Dear Zodiac, Bring Back The Red Point Divers
The ’90s was quite an era for dive watches. The decade saw many models released that continue to influence our expectations when it comes to divers today. Zodiac’s offerings were no exception. In the ’90s, the brand released a series of watches, each designated by a colored dot on the dial. To me, the most charming and interesting were the Red Point models, namely the Red Point divers. Today, I’ll give you a small insight into the history of these watches, as well as highlight some of my favorite models from that era. And who knows? Maybe the folks at Zodiac are listening and will also find this a good idea. Regardless, I think the time has come to show these classic divers a bit of much-deserved appreciation.
Remember that these Red Point divers were released in the same decade as other iconic dive watches, including the Seiko SKX007, the Omega Seamaster Professional (worn by Pierce Brosnan as James Bond), and even the Citizen NY0040 diver. And while the Red Point divers perhaps didn’t become as legendary as the models mentioned above, there’s no reason why they shouldn’t make a successful comeback, especially these days when custody of the Zodiac brand is in the capable hands of the Fossil group. And though its foundation is solid today, it has been a long and winding road for the brand. It is worth having a brief look at Zodiac’s history to help us understand why these divers might ring a bell in terms of design.
Zodiac through the years
I promise to keep this part short and sweet. In the end, we’re here to talk about a watch (or a series of watches) that I’d love to see make a comeback. However, in the case of what Zodiac was up to in the ’90s, it’s worth having a little bit of context. Now, Zodiac is a Swiss brand that has seen its fair share of ups and downs since it came onto the scene in 1882. The brand saw great success in the ‘50s and ’60s, yet it suffered the fate that many others did in the quartz crisis of the 1970s. Zodiac then went through a roller-coaster ride of rebirths, but nothing really stuck until 1990. This is when Willy Gad Monnier brought the brand back for a brief seven-year stint known as the “Monnier era”.
Previously, I mentioned how some of the models from that time might ring a bell. Well, that’s because, before his time leading Zodiac, Monnier was the CEO of TAG Heuer for a brief period before leaving on reportedly bad terms. Judging by the similarity of some of these Zodiacs to TAG Heuer models from the previous decade, Monnier took a number of blueprints with him when he left. And though the similarities are inescapable, that doesn’t make these Zodiac divers any less charming. And especially in the case of the Red Point dive chronographs equipped with the ever-capable Valjoux 7750, the designs still hold up today. That just about wraps up the history portion of the article. If you want to know more, I recommend consulting James Enloe’s detailed article on the Zodiac Point series for Worn & Wound here.
The Red Point divers
The Point series from Zodiac was not limited to the Red Point watches. There were three other denominations (the blue, silver, and gold Point models). These series included dress watches, chronographs, and dive watches in steel, gold, and two-tone variants. And as much as I do love the dive chronograph, I’ll leave that for another day (clearly, it also deserves a comeback!). For sanity’s sake, I will focus on three specific divers from the series — the classic black-dial/black-bezel diver, the lume-dial diver, and finally, a gray-dial model with a metallic bezel. In my opinion, these three perfectly summarize the Red Point series. And though their form should be familiar to those who know the TAG Heuer 1000 Professional divers of the 1980s, that doesn’t detract from these being excellent watches.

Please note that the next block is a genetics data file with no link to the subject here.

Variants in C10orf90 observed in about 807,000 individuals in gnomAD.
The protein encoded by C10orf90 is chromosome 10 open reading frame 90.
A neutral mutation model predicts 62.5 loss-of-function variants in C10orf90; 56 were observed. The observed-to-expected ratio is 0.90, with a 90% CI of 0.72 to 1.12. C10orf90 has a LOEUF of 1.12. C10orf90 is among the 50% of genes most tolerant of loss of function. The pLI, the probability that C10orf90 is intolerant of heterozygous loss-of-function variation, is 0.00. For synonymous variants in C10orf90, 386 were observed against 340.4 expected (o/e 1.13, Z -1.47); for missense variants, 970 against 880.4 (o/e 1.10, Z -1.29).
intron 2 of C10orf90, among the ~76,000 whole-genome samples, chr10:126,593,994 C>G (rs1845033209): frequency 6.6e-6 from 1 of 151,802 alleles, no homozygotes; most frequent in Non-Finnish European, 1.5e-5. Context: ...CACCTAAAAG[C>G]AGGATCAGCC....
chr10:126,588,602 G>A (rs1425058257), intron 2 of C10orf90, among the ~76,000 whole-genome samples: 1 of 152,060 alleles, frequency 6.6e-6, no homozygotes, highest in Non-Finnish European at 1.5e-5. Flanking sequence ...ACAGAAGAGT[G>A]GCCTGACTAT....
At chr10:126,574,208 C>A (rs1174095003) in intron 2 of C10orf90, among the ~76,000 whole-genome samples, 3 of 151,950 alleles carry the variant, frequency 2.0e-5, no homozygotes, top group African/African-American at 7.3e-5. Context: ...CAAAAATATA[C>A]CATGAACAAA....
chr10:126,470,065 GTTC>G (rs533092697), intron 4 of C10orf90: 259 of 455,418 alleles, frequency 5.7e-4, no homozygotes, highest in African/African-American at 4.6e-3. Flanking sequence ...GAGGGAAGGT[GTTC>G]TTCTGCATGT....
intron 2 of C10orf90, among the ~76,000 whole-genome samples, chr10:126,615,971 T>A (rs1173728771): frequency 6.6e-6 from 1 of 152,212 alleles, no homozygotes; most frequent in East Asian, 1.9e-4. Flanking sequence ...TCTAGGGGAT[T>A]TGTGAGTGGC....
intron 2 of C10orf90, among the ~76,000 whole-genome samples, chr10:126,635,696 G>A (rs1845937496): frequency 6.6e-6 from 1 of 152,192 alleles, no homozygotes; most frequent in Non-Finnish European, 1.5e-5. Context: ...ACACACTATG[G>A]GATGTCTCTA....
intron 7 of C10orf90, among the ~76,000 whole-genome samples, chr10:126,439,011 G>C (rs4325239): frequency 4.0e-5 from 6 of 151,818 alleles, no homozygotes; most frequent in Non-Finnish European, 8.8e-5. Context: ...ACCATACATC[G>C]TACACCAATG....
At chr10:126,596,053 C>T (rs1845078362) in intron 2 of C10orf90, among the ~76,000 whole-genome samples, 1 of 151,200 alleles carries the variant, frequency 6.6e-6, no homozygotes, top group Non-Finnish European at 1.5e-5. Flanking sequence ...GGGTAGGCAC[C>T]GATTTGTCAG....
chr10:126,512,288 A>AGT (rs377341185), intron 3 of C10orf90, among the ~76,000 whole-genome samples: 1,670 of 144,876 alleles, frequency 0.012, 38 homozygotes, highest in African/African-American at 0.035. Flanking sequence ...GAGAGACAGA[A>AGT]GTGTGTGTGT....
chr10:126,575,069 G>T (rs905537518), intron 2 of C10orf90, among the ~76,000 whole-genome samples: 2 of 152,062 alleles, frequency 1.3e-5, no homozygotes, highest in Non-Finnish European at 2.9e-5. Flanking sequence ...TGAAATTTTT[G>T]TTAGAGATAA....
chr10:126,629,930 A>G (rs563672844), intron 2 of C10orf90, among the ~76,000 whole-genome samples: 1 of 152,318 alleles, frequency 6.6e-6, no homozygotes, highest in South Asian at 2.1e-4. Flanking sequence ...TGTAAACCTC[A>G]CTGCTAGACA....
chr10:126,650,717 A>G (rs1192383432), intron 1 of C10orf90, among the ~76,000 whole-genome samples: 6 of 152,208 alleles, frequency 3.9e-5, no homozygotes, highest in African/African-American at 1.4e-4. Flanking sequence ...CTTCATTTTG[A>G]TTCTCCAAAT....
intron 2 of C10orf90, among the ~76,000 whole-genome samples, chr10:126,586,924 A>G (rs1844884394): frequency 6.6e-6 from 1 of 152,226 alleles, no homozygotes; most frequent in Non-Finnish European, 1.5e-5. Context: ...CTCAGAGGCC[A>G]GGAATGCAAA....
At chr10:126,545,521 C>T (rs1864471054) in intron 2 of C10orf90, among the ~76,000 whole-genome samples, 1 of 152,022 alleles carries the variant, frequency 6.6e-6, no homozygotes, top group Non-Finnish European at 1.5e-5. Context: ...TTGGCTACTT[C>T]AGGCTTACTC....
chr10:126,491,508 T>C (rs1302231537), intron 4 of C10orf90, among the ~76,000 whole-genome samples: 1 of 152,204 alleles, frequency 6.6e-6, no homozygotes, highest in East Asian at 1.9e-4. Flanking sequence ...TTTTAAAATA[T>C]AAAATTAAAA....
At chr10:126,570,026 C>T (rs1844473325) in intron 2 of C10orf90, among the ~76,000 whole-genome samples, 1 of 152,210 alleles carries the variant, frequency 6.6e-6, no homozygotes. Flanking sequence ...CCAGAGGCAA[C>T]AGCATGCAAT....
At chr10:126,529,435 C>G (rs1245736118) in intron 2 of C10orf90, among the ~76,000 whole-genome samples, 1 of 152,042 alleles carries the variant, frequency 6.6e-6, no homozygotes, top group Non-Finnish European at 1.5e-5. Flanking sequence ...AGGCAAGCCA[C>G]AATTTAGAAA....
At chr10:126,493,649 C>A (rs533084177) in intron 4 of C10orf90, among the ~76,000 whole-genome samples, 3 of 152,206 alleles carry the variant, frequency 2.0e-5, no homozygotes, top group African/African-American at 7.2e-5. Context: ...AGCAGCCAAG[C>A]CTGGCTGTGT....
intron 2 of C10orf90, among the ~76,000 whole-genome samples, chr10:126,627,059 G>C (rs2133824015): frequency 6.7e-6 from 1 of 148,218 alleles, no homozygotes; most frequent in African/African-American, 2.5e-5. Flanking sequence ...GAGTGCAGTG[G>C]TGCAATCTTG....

Now, these watches are ripe for a modern relaunch and are also still widely available on the secondhand market. They are perhaps (in the same way that the Monnin TAG Heuers are) not as popular as they deserve to be. However, for collectors whose tastes align with the charm of these pieces, there are plenty of opportunities to pick them up for a steal. Whether it’s the cheaper quartz models or the slightly more desirable automatics, you really can’t go wrong picking up a vintage model. However, we all know today’s watch market is full of reissues from even the most prolific brands. And these chunky-cased divers would do well in a space filled with enthusiasts prone to the appeal of neo-vintage charm with modern-day construction.
There you have it, folks! Whether these are new to you or you’re a keen admirer of the Zodiac Red Point divers, I hope you enjoyed this look back and kind request to the brand to make these happen once again. We’re ready, waiting, and wanting more! And speaking of Zodiac, keep your eyes on the site, as my long-term review of the Super Sea Wolf 53 will be dropping soon. In the meantime, this highlight of neo-vintage Zodiacs should work well to whet your appetites for more from one of the coolest, most eclectic, and best value-for-money brands on the market today.
And before I wrap things up, as always, I’ll ask for your thoughts on the Zodiac Red Point divers. What do you make of them? Would you enjoy for these to make a comeback, or would you rather they remain in the history books? Let me know in the comments below.
Special thanks to Ivan (aka Rocky555 on WUS) for allowing me to use the many photographs of some of the Zodiac Red Point divers he has owned through the years.